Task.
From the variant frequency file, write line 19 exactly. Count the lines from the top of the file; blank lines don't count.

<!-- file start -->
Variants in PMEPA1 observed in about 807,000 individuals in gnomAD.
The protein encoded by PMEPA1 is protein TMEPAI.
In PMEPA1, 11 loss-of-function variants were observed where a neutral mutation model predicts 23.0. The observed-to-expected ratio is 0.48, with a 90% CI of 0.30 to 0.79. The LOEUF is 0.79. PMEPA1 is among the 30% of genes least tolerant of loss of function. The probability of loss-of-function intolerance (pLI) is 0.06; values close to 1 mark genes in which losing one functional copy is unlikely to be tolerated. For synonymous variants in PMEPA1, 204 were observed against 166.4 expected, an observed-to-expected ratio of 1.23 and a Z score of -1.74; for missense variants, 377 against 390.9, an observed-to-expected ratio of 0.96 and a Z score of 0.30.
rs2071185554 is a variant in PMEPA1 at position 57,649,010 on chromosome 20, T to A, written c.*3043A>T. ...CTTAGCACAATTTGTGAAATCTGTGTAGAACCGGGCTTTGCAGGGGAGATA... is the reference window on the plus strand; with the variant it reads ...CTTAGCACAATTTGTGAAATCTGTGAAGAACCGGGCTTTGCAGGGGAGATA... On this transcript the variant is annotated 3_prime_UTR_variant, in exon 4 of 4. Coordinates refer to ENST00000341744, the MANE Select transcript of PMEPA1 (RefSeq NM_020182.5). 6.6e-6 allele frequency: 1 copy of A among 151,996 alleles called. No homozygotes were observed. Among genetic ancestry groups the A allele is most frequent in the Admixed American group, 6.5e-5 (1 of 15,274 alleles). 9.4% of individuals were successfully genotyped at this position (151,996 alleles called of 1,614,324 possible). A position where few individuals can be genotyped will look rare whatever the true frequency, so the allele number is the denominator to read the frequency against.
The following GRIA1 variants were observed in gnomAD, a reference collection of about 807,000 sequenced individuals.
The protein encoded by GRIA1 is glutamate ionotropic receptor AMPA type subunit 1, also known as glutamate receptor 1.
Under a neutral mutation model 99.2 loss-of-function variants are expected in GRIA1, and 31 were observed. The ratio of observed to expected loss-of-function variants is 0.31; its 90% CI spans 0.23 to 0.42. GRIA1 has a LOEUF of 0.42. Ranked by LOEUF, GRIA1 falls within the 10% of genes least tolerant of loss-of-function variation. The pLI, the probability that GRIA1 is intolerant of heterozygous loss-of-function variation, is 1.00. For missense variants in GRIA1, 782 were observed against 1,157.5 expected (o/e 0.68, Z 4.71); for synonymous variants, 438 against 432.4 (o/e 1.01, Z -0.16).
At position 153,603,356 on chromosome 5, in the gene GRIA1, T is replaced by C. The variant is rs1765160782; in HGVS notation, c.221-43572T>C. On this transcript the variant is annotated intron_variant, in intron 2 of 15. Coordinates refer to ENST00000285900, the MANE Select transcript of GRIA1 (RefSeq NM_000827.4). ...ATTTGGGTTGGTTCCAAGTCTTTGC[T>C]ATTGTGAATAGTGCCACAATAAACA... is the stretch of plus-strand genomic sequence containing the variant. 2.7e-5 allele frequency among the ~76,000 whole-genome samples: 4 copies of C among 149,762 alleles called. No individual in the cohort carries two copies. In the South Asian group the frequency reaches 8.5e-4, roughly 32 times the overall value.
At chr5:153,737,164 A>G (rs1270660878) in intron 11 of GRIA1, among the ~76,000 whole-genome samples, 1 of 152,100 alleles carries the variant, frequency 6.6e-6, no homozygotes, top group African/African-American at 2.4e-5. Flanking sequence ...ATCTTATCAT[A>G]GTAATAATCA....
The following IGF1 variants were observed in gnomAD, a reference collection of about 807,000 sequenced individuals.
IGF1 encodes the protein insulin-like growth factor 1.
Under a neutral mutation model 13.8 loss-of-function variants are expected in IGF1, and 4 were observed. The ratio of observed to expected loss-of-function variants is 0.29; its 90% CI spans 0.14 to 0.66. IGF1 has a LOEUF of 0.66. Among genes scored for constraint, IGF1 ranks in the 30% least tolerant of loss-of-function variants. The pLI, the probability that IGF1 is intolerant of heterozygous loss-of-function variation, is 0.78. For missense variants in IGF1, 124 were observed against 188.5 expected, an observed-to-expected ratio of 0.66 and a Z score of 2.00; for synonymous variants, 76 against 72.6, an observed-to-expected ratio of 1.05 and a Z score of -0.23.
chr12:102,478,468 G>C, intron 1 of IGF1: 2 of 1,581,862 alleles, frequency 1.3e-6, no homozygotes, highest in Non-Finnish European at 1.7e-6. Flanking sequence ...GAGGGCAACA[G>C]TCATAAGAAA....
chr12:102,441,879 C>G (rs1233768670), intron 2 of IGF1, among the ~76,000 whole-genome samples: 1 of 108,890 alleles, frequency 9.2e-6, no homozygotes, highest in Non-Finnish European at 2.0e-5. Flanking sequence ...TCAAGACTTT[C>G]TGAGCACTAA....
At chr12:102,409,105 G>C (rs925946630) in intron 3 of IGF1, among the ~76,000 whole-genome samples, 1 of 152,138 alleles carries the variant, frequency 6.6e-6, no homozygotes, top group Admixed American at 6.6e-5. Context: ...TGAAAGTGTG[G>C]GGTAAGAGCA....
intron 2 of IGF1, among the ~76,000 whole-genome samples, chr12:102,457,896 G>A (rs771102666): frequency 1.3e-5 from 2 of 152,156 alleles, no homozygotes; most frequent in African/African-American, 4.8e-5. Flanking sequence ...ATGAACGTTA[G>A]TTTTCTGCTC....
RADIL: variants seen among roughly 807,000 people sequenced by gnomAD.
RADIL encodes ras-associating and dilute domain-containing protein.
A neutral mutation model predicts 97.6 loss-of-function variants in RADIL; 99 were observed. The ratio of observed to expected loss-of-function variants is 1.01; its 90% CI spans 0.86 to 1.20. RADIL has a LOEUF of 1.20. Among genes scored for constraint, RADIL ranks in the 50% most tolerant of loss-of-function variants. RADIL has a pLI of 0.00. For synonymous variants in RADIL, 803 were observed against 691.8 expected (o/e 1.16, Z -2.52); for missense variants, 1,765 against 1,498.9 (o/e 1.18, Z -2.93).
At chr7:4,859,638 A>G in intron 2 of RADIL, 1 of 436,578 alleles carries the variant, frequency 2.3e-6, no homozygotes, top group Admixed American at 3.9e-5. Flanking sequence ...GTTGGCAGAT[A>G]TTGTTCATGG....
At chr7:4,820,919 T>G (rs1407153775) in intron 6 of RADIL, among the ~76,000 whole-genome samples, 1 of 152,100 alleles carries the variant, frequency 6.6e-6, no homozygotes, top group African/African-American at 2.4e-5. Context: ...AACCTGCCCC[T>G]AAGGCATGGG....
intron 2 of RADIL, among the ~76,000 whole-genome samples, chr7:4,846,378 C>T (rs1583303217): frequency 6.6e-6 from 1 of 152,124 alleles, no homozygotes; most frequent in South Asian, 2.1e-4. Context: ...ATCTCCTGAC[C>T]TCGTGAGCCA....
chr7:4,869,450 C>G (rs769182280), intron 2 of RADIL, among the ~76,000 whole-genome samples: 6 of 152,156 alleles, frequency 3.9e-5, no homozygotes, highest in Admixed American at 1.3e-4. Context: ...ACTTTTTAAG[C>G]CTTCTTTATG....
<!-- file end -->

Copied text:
A neutral mutation model predicts 97.6 loss-of-function variants in RADIL; 99 were observed. The ratio of observed to expected loss-of-function variants is 1.01; its 90% CI spans 0.86 to 1.20. RADIL has a LOEUF of 1.20. Among genes scored for constraint, RADIL ranks in the 50% most tolerant of loss-of-function variants. RADIL has a pLI of 0.00. For synonymous variants in RADIL, 803 were observed against 691.8 expected (o/e 1.16, Z -2.52); for missense variants, 1,765 against 1,498.9 (o/e 1.18, Z -2.93).